For any use of my photos, please contact me at monika.wieland at gmail.com

You can browse some of my best photos and order prints by clicking here. Any photo seen on my blog can be made available for prints or high resolution download by request.


Sunday, November 7, 2010

A Macro Look at South Beach

After a stormy night last night, today dawned surprisingly calm and sunny. It was a perfect afternoon to go for a long walk at South Beach and play with the new macro lens. It was also a good opportunity to soak up some much-needed Vitamin D, because with last night's "fall back" it is now dark out at 5 PM! Ugh, needless to say, not my favorite day of the year. But at least the sun was out!

Here are some highlights from my photo excursion....

November flowers

Beach rocks through a jellyfish

Water droplet on a blade of grass

Leaflets on a rock

Close-up look at moss

Interesting-looking insect....ID, anyone?

Grass shadows on a rock with lichen growth

Burnt driftwood

Sun shining through beach pea leaves

4 comments:

Lancashire and Lakeland Outback Adventure Wildlife Safaris said...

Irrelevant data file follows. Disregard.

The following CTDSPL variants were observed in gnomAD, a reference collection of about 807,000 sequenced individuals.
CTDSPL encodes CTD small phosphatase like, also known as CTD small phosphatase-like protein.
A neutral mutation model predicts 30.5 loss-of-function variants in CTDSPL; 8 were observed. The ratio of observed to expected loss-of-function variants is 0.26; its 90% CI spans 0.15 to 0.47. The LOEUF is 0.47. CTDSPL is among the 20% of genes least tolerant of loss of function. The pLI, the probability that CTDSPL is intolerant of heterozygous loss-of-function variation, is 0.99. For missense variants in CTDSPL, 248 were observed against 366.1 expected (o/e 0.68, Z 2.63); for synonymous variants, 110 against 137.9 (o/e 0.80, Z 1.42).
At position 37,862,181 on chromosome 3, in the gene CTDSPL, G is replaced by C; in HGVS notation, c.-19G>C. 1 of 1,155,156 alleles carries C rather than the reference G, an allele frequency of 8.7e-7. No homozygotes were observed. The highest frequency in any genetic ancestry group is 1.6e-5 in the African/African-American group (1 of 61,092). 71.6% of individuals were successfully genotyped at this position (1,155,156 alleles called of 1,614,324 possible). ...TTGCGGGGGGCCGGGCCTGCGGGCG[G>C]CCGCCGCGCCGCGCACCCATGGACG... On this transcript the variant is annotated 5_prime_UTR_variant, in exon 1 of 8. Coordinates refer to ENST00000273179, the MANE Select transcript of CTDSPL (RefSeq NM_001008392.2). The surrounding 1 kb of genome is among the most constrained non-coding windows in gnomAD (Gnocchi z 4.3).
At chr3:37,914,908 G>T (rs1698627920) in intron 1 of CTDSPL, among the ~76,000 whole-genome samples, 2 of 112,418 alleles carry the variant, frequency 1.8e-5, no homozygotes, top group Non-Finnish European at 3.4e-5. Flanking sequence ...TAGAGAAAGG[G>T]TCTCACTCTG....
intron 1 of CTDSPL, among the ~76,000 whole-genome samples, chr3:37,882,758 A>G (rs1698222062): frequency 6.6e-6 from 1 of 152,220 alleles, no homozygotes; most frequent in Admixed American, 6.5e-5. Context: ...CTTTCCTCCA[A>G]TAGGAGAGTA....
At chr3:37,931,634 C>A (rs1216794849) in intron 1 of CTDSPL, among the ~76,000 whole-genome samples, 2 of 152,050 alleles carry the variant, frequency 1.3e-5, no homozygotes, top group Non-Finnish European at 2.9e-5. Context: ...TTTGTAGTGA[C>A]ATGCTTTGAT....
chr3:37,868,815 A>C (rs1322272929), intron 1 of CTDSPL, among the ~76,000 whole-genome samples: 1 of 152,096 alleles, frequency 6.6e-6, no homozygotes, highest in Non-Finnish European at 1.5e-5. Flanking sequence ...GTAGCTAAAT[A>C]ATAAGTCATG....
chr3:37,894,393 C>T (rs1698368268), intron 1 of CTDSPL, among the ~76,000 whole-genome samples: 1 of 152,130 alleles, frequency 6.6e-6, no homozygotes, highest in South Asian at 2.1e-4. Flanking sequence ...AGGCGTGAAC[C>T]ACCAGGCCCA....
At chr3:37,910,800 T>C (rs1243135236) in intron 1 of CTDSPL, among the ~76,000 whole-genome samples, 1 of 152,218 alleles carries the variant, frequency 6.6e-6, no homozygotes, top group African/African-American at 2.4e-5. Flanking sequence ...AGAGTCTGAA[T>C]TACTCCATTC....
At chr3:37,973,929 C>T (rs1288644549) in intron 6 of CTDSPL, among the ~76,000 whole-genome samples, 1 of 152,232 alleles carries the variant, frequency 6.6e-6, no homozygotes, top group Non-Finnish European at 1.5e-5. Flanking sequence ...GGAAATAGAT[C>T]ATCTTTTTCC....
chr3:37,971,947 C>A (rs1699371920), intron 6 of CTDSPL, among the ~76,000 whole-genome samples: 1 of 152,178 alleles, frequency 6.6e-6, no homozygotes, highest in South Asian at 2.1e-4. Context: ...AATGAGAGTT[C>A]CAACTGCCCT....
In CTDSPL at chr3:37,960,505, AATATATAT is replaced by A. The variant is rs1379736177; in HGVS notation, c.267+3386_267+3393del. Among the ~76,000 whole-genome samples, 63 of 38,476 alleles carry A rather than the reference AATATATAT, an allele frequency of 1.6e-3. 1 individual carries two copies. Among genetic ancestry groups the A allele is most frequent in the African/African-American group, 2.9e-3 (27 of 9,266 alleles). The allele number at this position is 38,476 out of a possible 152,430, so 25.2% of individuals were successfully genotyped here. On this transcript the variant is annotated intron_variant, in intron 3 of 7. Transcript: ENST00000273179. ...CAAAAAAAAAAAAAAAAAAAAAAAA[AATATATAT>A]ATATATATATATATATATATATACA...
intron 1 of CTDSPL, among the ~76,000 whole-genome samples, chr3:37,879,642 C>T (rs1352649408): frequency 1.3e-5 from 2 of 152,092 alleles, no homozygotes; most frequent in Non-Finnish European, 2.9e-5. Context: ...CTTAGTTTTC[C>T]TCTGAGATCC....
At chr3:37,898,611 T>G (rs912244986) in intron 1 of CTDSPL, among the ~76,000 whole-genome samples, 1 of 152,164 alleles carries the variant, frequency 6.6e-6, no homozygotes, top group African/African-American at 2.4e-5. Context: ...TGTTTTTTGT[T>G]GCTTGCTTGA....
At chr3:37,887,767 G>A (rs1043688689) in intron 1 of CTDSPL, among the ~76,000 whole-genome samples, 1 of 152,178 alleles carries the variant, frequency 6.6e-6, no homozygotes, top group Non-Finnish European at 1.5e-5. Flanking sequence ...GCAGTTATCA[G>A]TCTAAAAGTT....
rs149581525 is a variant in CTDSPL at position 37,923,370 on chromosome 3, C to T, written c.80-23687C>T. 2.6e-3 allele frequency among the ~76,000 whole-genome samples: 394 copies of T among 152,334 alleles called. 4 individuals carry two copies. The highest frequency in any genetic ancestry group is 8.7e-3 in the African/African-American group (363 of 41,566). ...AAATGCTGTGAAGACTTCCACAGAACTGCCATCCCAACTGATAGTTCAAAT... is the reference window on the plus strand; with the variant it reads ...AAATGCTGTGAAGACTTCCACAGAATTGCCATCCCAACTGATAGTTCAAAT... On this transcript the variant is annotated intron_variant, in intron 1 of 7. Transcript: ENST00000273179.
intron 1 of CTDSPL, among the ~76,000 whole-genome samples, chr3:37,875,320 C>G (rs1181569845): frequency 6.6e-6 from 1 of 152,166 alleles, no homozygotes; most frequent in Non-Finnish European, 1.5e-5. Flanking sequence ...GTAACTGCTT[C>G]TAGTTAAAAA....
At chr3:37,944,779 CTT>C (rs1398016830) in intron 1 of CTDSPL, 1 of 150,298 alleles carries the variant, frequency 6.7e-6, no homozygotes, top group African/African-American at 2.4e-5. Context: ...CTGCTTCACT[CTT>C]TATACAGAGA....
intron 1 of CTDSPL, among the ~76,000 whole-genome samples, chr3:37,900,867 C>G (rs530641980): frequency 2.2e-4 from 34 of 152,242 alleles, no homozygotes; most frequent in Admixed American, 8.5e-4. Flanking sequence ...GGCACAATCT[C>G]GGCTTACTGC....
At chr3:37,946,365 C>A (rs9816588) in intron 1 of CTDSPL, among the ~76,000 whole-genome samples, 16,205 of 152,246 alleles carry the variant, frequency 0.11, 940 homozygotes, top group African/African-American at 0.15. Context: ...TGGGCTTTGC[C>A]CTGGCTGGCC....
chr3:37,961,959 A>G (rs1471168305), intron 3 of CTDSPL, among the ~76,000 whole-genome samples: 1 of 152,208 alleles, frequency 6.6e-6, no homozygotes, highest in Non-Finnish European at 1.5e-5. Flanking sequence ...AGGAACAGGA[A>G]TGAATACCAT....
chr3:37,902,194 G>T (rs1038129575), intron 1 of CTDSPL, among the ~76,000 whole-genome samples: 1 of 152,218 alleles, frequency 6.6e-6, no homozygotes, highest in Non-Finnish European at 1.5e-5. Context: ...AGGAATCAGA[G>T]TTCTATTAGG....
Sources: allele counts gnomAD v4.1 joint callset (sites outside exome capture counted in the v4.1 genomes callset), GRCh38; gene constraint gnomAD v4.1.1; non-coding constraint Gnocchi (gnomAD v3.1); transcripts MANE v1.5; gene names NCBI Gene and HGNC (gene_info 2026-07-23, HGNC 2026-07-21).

Hi Monika - if that ichneumeon fly was over here I'd call it Ophion obscurata.
Like the stones through the jellyfish shot - weird or what.

Cheers
Davo

Lancashire and Lakeland Outback Adventure Wildlife Safaris said...

Hi again - just had another look and although it's tricky to see the venation in the wings it could be O. luteus also depending on whether that species is found in NAm.
Deffo an Ophion sp. whatever sp it is.

Cheers
D

The K said...

From Kaufman's Field Guide to Insects of North America: "Ophionines are typically internal parasites of large caterpillars. New adults emerge from the pupa or cocoon of the host. Curiosly, one species of Ophion is parasitic on white grubs of Phyllophaga May beetles." Strange critter. I agree with Dave, the rocks through jellyfish is cool.

Monika said...

Thanks for the direction on the ID Dave, I'd have had no place to start. Interesting info about them being internal parasites, too, The K - ick!

Yet another of the bizarre creatures right under our noses!